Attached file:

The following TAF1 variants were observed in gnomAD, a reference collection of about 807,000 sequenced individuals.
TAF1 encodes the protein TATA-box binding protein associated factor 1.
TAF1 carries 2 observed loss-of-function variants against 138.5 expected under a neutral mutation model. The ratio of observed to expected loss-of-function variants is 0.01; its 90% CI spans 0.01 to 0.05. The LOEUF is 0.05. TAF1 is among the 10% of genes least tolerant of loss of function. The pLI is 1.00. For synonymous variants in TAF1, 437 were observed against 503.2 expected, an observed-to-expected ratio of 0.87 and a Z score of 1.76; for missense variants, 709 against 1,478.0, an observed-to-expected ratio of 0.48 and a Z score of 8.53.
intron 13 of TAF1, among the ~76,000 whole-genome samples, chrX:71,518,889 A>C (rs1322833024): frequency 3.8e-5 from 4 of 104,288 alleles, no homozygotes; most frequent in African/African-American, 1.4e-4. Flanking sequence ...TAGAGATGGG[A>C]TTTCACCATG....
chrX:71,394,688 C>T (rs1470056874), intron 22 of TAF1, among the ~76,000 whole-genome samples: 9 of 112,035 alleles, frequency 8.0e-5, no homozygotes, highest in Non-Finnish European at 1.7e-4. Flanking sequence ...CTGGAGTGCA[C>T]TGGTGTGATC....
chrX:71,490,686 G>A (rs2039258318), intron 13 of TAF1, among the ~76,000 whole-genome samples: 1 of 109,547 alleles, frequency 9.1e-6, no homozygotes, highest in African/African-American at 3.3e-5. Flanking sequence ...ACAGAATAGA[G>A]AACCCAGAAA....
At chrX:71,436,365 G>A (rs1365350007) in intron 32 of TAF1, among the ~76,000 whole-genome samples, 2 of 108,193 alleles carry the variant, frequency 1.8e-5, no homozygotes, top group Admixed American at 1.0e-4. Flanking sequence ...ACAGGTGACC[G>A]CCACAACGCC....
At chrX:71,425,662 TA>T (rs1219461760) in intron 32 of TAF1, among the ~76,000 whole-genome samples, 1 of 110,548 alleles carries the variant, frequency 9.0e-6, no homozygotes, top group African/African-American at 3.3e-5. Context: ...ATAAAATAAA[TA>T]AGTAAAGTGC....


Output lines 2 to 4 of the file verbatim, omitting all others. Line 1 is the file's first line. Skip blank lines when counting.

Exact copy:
TAF1 encodes the protein TATA-box binding protein associated factor 1.
TAF1 carries 2 observed loss-of-function variants against 138.5 expected under a neutral mutation model. The ratio of observed to expected loss-of-function variants is 0.01; its 90% CI spans 0.01 to 0.05. The LOEUF is 0.05. TAF1 is among the 10% of genes least tolerant of loss of function. The pLI is 1.00. For synonymous variants in TAF1, 437 were observed against 503.2 expected, an observed-to-expected ratio of 0.87 and a Z score of 1.76; for missense variants, 709 against 1,478.0, an observed-to-expected ratio of 0.48 and a Z score of 8.53.
intron 13 of TAF1, among the ~76,000 whole-genome samples, chrX:71,518,889 A>C (rs1322833024): frequency 3.8e-5 from 4 of 104,288 alleles, no homozygotes; most frequent in African/African-American, 1.4e-4. Flanking sequence ...TAGAGATGGG[A>C]TTTCACCATG....